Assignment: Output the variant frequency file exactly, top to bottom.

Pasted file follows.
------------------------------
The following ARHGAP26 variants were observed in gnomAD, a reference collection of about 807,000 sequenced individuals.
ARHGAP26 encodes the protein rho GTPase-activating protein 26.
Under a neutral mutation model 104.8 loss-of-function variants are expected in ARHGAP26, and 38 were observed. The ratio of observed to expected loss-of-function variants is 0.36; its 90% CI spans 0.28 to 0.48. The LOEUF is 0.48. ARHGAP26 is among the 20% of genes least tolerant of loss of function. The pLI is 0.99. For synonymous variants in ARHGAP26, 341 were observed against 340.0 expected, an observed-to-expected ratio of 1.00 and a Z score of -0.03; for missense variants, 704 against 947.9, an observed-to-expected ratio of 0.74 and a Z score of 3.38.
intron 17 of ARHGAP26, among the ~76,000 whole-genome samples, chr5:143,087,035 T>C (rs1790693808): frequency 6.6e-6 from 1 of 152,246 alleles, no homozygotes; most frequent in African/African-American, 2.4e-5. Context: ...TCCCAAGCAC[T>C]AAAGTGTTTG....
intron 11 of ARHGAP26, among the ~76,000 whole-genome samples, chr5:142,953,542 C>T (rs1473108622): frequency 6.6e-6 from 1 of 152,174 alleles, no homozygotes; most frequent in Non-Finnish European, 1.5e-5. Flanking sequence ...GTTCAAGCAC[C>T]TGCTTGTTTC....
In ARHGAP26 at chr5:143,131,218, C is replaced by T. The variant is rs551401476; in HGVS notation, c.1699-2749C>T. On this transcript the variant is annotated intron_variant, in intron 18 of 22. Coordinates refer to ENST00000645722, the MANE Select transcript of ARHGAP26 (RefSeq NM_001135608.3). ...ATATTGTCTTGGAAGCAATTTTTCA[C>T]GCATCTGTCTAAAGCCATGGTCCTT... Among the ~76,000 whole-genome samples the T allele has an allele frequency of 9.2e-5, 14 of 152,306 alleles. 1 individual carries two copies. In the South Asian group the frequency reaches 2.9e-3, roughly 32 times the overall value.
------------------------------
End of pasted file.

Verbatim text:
The following ARHGAP26 variants were observed in gnomAD, a reference collection of about 807,000 sequenced individuals.
ARHGAP26 encodes the protein rho GTPase-activating protein 26.
Under a neutral mutation model 104.8 loss-of-function variants are expected in ARHGAP26, and 38 were observed. The ratio of observed to expected loss-of-function variants is 0.36; its 90% CI spans 0.28 to 0.48. The LOEUF is 0.48. ARHGAP26 is among the 20% of genes least tolerant of loss of function. The pLI is 0.99. For synonymous variants in ARHGAP26, 341 were observed against 340.0 expected, an observed-to-expected ratio of 1.00 and a Z score of -0.03; for missense variants, 704 against 947.9, an observed-to-expected ratio of 0.74 and a Z score of 3.38.
intron 17 of ARHGAP26, among the ~76,000 whole-genome samples, chr5:143,087,035 T>C (rs1790693808): frequency 6.6e-6 from 1 of 152,246 alleles, no homozygotes; most frequent in African/African-American, 2.4e-5. Context: ...TCCCAAGCAC[T>C]AAAGTGTTTG....
intron 11 of ARHGAP26, among the ~76,000 whole-genome samples, chr5:142,953,542 C>T (rs1473108622): frequency 6.6e-6 from 1 of 152,174 alleles, no homozygotes; most frequent in Non-Finnish European, 1.5e-5. Flanking sequence ...GTTCAAGCAC[C>T]TGCTTGTTTC....
In ARHGAP26 at chr5:143,131,218, C is replaced by T. The variant is rs551401476; in HGVS notation, c.1699-2749C>T. On this transcript the variant is annotated intron_variant, in intron 18 of 22. Coordinates refer to ENST00000645722, the MANE Select transcript of ARHGAP26 (RefSeq NM_001135608.3). ...ATATTGTCTTGGAAGCAATTTTTCA[C>T]GCATCTGTCTAAAGCCATGGTCCTT... Among the ~76,000 whole-genome samples the T allele has an allele frequency of 9.2e-5, 14 of 152,306 alleles. 1 individual carries two copies. In the South Asian group the frequency reaches 2.9e-3, roughly 32 times the overall value.